Mo’Nique isn’t ready to give up on Roseanne Barr just yet—even if the rest of Hollywood is.
Barr made headlines for all the wrongs reasons in May, after comparing former Valerie Jarrett, an advisor in the Obama White House, to an ape. Her Twitter antics led to the swift cancellation of the acclaimed “Roseanne” reboot, as well as widespread criticism. (A Roseanne-less rebirth of the show came later.)
Despite the controversy, it looks like Barr still has a friend in fellow comedian and actress Mo’Nique.
The 50-year-old Academy Award-winner, who perhaps knows a thing or two about getting “blackballed” herself, defended Barr on Friday during an interview with the CW-affiliated, Los Angeles-based news station KTLA, calling Barr her “sister in comedy.”
“We’ve all said and done things, baby, that we wish we could take back and swallow and say, ‘Oh.’ But when you’re in the public eye, you can’t, and it’s out there,” Mo’Nique said.
Barr, Mo’Nique explained, supported her early in her career, and agreed to appear on “The Mo’Nique Show”—a late night talk show that premiered in 2009 and lasted for two seasons—when many in the industry, even those “who looked like [her],” would not appear on her show because it was “too black.”
Barr also had “beautiful words” for her when the cameras weren’t rolling, Mo’Nique continued.
“Yes, my sister made a mistake and she said something I know she wishes she could take back,” she continued. “But what I would ask is that we don’t throw her away.”
Mo’Nique expanded on the value of forgiveness, especially when someone apologizes, and shared a message for her "sister," saying, “So, to Roseanne Barr from Mo’Nique, I would say to my sister, ‘I love you.’ I know you made a mistake. I know you messed up. But I still won’t throw you away. I won’t put you on the racist list and say, ‘Oh, never again.’ That is my sister, and I think these are the moments that really count.”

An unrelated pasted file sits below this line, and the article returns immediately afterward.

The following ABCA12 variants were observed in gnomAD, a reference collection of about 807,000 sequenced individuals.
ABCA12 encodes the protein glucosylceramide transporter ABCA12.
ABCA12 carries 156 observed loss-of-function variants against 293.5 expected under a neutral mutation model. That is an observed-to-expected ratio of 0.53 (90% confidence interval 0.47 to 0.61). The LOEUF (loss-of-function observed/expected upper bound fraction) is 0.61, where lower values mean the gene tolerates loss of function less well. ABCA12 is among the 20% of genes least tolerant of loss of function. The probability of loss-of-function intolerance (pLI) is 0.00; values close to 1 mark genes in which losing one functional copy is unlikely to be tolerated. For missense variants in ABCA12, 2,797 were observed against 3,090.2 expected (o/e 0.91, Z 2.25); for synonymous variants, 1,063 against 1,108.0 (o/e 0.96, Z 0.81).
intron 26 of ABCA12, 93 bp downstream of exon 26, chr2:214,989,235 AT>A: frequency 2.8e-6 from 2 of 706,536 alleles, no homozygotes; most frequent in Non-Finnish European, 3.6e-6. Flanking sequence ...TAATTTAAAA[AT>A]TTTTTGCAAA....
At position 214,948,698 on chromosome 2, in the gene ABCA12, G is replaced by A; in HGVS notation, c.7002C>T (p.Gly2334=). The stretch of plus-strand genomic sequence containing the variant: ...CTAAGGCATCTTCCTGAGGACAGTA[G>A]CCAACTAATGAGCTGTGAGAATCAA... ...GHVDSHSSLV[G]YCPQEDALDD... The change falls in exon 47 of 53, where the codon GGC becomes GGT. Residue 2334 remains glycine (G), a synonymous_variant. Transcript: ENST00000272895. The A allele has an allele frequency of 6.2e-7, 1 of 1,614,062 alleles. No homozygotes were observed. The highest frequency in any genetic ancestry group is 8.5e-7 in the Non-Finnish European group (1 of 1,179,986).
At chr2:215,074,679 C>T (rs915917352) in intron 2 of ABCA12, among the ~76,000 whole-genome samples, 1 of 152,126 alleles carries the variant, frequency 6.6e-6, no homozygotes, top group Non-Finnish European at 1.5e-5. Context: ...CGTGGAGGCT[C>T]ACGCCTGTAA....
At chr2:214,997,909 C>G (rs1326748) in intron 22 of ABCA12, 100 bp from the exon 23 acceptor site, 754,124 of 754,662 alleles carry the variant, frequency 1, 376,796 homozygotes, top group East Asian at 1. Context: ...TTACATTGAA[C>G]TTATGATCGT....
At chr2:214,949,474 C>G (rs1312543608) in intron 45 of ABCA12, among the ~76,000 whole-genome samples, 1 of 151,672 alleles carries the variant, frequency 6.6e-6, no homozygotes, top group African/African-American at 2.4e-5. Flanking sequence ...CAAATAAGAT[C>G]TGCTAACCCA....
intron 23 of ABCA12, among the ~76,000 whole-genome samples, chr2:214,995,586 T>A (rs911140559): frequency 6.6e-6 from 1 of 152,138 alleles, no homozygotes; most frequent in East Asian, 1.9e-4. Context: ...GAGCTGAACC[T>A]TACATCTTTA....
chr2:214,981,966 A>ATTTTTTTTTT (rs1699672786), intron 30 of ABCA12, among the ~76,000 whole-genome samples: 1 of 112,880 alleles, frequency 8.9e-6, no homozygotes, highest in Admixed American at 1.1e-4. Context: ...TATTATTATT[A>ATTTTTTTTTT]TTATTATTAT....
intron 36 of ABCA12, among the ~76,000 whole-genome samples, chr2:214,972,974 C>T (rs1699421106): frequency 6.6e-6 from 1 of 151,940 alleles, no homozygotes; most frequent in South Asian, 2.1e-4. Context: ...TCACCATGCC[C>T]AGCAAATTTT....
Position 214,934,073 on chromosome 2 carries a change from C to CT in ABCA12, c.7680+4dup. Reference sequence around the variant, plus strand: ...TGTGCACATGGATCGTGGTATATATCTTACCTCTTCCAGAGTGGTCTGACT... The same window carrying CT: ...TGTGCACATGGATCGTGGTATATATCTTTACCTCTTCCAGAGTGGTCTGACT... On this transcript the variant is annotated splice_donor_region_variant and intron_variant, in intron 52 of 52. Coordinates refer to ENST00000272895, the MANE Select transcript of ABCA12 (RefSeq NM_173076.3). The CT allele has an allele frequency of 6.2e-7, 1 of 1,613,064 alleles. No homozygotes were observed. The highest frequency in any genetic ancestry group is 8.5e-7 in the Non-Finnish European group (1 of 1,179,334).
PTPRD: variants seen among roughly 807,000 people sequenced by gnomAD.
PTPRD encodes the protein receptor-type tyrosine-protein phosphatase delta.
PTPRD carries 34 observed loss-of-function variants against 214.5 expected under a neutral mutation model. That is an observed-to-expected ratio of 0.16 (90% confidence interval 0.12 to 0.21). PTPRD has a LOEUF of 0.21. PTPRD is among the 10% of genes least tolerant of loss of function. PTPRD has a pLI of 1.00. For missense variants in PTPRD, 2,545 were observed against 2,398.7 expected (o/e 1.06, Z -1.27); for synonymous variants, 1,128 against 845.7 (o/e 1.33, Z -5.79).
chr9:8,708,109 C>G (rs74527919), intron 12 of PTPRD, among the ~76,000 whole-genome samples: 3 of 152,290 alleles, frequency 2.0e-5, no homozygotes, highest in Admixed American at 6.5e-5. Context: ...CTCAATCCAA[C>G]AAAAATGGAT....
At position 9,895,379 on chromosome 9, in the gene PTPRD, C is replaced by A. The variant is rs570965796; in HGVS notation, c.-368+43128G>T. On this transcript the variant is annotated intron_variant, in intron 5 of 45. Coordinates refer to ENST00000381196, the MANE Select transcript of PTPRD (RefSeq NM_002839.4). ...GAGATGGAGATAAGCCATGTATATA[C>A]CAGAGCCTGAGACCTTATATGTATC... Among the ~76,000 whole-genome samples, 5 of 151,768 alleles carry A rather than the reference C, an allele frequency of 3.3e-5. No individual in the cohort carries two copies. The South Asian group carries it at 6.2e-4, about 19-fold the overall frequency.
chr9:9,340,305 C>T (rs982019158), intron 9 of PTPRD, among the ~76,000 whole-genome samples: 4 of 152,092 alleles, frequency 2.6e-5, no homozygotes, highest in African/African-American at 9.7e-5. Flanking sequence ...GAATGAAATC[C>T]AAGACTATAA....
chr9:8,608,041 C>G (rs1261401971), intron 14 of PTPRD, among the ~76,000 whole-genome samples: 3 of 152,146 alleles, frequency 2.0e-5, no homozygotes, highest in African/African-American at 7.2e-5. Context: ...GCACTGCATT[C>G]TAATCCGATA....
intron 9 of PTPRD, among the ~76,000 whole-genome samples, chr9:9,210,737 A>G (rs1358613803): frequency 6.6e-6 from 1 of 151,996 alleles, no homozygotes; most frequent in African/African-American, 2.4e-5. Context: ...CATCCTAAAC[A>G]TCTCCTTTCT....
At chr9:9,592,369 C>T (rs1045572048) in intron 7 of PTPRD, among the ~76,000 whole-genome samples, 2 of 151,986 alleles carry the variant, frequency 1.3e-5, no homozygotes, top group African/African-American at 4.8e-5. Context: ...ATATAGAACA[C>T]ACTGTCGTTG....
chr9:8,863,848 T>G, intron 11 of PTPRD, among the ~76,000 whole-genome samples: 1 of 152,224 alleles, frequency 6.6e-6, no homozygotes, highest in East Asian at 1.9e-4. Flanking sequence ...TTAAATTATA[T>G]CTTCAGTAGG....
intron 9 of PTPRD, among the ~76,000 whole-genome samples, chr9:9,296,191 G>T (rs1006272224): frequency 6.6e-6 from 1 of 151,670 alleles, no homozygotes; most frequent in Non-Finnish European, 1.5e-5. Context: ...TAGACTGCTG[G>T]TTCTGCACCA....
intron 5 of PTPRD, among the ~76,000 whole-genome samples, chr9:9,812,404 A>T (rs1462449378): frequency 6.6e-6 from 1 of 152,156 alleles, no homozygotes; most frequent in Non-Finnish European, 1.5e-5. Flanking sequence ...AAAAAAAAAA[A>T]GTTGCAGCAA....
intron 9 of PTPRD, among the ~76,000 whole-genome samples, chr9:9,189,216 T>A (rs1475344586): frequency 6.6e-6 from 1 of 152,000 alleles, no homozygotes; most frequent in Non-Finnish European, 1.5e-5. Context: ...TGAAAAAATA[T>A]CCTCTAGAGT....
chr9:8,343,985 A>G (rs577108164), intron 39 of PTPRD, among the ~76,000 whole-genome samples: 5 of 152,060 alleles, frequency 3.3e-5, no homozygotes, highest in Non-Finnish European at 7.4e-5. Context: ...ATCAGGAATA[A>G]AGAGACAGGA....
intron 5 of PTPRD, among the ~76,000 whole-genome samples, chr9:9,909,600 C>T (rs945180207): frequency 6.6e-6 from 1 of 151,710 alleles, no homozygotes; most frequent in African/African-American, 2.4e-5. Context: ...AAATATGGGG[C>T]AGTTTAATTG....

She also added that she would like to see Jarrett and Barr “come together,” and encouraged Barr to apologize to Jarrett.
Since making her initial comments on Twitter—that included calling Jarrett a combination of the Muslim Brotherhood and the movie “Planet Of The Apes”—Barr’s public responses have run the gamut, from blaming her tweets on having taken Ambien (which the pharmaceutical company that manufactures the powerful prescription sleep aid was quick to contest), to shouting at the camera in a July 19 YouTube video, “I thought the bitch was white.”
Barr addressed the controversy surrounding her during an interview with Fox News on Friday, telling Sean Hannity that she wishes she had worded it better.
In a statement directed at Jarrett, Barr said, “I’m so sorry that you thought I was racist and that you thought that my tweet was racist because it wasn’t. It was political. I’m sorry for the misunderstanding that caused, my ill-worded tweet.”
She continued: “I’m sorry that you feel harmed and hurt. I never meant that, and for that, I apologize. I never meant to hurt anybody, or say anything negative about an entire race of people which I think 30 years of my work can attest to.”
[Photo: Mo'Nique attends the premiere of “Almost Christmas” at Regency Village Theatre on November 3, 2016 in Westwood, California. By Barry King/Getty Images; Roseanne Barr seen here at Stand Up New York on July 26, 2018 in New York City. By Steve Mack/WireImage, via Getty Images]